The UK countryside comes alive in spring and these breaks – everything from seal-spotting to cycling and even wine-tasting – make the most of it
From fiesta-mad Seville to buzzing Montpellier and blossom-filled Berlin, spring is a blooming marvellous time for a short break
It’s only two years since an attempted coup but Istanbul is moving on and reinventing itself
Food from these colourful markets, street-food stalls and cafes is not only delicious, it’s often cheap, too – and a great way to explore this bustling city
The home of the nature-obsessed clergyman is a treasure trove of flora, fauna and kids’ games. And there’s even a gallery devoted to heroic explorers
Islands, rivers, mountains and villages: holiday destinations from those in the know
Surrounded by lush rain forest, the campus of the University of British Columbia (UBC) protrudes into the Pacific Ocean. Most of the Point Grey peninsula is given over to the Pacific Spirit Regional Park, an area of Pacific red cedar. Some 34 trails meander for over 50 kilometres through this park. When hiking here, you wouldn’t believe you are only half an hour’s drive from downtown Vancouver. These trails are popular with dog walkers, joggers, and mountain bikers, but their presence won’t detract from the sense of tranquility that prevails. Birdwatchers may see blue herons and will definitely hear woodpeckers hammering away.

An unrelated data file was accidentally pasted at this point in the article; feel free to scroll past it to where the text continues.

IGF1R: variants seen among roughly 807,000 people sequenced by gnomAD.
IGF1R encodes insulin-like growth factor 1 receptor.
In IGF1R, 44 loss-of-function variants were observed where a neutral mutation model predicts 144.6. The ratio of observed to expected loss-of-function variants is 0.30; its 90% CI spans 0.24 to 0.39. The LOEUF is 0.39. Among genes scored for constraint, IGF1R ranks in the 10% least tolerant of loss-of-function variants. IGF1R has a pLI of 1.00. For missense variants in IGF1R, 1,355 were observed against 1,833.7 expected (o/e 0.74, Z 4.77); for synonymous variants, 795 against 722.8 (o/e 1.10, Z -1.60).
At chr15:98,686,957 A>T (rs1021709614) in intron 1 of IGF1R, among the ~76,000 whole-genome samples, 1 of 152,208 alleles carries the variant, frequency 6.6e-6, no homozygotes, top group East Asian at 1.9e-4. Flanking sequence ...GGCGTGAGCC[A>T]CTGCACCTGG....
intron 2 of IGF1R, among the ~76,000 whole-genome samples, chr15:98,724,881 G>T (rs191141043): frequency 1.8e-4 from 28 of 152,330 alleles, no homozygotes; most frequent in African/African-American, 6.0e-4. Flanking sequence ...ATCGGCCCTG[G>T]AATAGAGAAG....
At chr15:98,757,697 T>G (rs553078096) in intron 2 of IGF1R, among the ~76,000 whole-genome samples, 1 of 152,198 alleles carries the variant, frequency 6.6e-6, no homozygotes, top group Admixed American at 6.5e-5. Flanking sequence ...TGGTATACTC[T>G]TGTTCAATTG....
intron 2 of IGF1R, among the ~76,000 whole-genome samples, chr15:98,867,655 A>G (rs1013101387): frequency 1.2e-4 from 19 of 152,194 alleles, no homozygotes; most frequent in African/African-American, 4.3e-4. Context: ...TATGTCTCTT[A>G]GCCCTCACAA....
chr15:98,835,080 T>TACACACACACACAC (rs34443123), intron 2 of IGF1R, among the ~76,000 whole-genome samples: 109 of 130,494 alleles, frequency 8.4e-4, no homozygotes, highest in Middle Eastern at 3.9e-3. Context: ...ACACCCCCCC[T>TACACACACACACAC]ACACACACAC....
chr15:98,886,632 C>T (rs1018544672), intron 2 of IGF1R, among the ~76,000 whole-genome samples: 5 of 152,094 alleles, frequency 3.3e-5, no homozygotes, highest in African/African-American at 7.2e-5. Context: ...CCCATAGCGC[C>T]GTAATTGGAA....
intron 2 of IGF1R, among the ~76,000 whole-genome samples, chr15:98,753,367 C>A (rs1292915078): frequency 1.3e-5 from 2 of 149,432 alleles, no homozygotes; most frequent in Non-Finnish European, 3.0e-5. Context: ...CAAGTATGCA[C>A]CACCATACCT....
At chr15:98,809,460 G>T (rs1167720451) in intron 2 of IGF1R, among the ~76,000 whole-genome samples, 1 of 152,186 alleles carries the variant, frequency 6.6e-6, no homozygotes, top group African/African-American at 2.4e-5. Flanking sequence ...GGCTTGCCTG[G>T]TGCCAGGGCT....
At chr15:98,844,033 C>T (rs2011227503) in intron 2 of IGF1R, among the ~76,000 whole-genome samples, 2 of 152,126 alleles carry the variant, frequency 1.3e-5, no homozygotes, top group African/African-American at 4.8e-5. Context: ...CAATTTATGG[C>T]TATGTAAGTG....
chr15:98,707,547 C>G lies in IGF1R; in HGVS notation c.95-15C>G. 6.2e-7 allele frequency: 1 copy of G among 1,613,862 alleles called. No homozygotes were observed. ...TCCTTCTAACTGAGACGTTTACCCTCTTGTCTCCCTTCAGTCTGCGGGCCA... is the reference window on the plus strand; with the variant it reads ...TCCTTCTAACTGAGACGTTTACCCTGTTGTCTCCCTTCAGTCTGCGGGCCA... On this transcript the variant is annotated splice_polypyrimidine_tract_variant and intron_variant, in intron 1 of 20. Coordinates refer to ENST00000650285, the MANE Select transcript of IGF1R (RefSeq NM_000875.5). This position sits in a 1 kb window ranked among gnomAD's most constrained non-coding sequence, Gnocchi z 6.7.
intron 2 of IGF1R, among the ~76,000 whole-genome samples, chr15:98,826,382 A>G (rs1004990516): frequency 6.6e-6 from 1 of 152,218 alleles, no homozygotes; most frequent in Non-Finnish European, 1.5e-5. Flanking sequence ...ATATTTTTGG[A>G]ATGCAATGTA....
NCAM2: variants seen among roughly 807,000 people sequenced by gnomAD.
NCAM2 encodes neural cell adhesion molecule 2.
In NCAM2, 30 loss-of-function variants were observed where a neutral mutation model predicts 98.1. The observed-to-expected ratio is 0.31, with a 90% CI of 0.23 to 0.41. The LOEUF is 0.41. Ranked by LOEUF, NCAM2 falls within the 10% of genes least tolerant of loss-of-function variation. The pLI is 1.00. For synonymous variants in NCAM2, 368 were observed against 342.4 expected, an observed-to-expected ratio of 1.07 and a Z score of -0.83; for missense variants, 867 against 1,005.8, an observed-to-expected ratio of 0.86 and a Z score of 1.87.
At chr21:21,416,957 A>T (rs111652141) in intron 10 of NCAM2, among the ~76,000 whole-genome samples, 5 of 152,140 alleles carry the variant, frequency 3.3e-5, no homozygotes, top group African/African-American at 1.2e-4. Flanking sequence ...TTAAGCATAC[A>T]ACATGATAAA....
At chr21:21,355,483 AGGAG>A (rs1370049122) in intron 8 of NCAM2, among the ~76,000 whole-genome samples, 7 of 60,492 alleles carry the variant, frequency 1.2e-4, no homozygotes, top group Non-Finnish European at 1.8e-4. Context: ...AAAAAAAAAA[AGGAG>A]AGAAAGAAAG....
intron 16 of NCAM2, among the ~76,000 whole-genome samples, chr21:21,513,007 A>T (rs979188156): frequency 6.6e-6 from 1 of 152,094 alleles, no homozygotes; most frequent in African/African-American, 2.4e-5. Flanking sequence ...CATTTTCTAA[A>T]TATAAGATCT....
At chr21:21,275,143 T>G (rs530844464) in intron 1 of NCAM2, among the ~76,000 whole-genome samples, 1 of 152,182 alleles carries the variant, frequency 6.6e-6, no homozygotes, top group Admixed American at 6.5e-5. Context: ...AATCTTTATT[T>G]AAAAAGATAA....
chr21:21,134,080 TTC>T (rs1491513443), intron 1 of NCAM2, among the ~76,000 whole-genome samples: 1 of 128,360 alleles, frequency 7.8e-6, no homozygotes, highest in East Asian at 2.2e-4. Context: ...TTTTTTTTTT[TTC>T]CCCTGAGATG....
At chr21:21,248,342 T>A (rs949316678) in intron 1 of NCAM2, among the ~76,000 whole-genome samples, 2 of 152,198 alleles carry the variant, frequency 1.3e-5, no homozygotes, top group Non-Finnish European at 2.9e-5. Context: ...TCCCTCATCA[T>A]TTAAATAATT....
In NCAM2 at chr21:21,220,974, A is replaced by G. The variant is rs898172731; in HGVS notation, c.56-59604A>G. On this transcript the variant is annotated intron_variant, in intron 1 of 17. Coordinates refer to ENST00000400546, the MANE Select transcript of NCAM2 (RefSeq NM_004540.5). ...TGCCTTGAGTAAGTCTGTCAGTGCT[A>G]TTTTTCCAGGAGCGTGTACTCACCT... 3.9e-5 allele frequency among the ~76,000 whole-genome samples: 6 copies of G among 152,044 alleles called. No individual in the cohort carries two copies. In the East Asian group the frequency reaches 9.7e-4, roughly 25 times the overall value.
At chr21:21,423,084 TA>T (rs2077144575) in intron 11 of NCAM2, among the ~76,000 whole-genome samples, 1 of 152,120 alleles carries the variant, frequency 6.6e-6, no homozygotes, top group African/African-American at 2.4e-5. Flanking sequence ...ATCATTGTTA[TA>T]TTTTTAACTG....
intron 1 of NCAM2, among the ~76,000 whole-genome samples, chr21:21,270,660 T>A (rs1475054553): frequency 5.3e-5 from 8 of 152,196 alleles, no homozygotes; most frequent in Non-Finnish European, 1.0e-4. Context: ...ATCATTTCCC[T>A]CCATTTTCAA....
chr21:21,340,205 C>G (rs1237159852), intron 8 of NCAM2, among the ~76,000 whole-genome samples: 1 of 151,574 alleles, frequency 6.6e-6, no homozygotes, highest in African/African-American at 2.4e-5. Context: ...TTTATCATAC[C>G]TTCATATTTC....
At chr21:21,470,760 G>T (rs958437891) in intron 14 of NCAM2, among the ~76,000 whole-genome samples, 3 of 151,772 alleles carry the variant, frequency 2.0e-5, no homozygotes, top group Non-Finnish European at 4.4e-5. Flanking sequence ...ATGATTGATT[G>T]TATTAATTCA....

The Museum of Anthropology is an Arthur Erickson-designed museum that is located on the cliffs of Point Grey, overlooking English Bay and the North Shore Mountains. It is probably Canada’s most memorable museum, housing one of the world’s finest and most colourful displays of Northwest Coast First Nations art. Inside the soaring glass and concrete structure of the Great Hall, with its 14-metre high windows that allow natural illumination to flood into the interior, you will see the totem poles, feast dishes, and canoes of the Gitxsan, Haida, and Coast Salish peoples amongst others. The museum also features the world’s largest collection of works by acclaimed Haida artist Bill Reid, including his most famous sculpture “The Raven and the First Men”. The award-winning Koerner Gallery within the museum houses a collection of European ceramics unique to North America. The museum also has around 15,000 objects from around the world that are accessible to the public in the Visible Storage Galleries. This is a unique way of displaying artifacts that invites the comparing and contrasting of objects from different cultures around the world, without visitors touching the exhibits, which are held in glass drawers.
Extract from the book – 10 Traveller’s Tales